• To provide a forum for both public awareness and professional development within the discipline of biological safety and security.
  • To establish CABS-ACSB as the principal professional organization with respect to biological safety and biosecurity, within Canada.
  • To ensure and maintain the participation of CABS/ACSB on the national and international stage by participating in governmental, industrial and international consultations processes, and providing expertise to stakeholder communities;
  • To influence and guide the development of the regulatory requirements within Canada and elsewhere in terms of risk analysis, impact and sustainability of imposed requirements; and
  • To ensure and maintain the viability of the CABS-ACSB as an association of professionals.


  • To have a robust Association that has a strong and active membership that represent all professions and environments where the practices, the principles, and the ethics associated with biological agents are used.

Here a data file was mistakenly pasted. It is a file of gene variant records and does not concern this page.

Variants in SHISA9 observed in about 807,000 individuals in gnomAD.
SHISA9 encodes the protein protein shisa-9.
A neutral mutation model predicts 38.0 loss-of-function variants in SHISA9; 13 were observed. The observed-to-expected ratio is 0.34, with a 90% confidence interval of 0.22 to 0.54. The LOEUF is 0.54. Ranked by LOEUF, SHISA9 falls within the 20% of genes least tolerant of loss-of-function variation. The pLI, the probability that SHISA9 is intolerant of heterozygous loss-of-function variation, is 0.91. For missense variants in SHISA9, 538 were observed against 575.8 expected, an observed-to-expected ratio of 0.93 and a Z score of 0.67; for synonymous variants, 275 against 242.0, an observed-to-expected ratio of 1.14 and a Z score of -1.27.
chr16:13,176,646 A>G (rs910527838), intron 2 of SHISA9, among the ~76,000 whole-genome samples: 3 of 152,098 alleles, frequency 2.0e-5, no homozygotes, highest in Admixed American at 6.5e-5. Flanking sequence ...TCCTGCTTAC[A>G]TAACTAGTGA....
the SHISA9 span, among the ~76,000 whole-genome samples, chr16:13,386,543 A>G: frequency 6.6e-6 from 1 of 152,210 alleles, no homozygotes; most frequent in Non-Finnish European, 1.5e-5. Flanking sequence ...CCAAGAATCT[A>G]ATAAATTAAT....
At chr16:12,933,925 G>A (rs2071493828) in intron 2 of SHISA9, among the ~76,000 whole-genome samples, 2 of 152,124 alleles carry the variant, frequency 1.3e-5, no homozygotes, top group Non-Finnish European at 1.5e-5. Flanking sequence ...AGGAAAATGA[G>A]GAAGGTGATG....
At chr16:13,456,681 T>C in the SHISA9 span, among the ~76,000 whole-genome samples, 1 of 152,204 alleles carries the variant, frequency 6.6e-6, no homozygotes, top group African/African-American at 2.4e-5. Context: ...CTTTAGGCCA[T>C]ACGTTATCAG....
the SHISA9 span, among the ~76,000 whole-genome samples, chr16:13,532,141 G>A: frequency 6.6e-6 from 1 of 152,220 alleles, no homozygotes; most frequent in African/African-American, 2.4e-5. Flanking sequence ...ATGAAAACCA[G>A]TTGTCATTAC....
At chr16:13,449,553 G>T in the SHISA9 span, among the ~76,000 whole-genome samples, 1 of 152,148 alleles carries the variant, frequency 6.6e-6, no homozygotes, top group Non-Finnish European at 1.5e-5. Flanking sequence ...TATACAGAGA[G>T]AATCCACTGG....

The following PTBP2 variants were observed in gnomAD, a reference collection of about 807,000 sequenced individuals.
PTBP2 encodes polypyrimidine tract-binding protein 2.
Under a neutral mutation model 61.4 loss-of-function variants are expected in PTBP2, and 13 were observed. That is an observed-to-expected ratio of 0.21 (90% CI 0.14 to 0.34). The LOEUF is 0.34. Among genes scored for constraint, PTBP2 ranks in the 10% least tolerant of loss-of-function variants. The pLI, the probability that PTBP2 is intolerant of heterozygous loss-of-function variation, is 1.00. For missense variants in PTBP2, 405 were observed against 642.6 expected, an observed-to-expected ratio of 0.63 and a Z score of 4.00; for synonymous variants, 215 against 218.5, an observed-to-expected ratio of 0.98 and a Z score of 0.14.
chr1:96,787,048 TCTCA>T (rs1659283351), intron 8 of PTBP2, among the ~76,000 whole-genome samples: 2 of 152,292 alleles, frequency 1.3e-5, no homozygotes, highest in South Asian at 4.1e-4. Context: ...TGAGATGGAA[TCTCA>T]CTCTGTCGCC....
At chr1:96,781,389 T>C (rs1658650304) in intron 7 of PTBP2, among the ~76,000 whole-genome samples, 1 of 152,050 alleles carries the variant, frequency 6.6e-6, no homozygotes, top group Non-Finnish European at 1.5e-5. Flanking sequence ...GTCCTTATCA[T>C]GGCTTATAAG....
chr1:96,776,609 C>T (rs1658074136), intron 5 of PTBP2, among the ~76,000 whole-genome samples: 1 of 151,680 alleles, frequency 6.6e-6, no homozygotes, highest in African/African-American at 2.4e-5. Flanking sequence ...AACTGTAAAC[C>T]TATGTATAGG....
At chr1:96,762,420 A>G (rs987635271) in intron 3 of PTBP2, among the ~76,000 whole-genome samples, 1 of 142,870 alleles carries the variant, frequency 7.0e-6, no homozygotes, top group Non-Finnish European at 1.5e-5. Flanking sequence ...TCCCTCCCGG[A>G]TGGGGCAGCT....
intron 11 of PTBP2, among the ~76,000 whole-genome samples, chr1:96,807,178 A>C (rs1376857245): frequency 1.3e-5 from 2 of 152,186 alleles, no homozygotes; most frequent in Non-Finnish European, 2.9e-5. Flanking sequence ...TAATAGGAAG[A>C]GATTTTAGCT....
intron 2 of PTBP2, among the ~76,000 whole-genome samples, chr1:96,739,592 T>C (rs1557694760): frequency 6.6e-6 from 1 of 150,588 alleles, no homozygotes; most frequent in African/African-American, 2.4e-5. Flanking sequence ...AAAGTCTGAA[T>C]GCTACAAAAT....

• To promote the safe use, containment, and security measures associated with, but not limited to human, animal, zoonotic, plant pathogens, aquatic animal pathogens, and those materials that may be found to have potentially infectious properties (ie, prions, recombinant DNA, toxins, etc.).
  • To be recognized by regulatory bodies and the Canadian biosafety community, as the principal national association representing Biosafety Professionals and their diverse user community; and engage at the consultation of regulatory aspects, including their implementation, and monitoring these activities.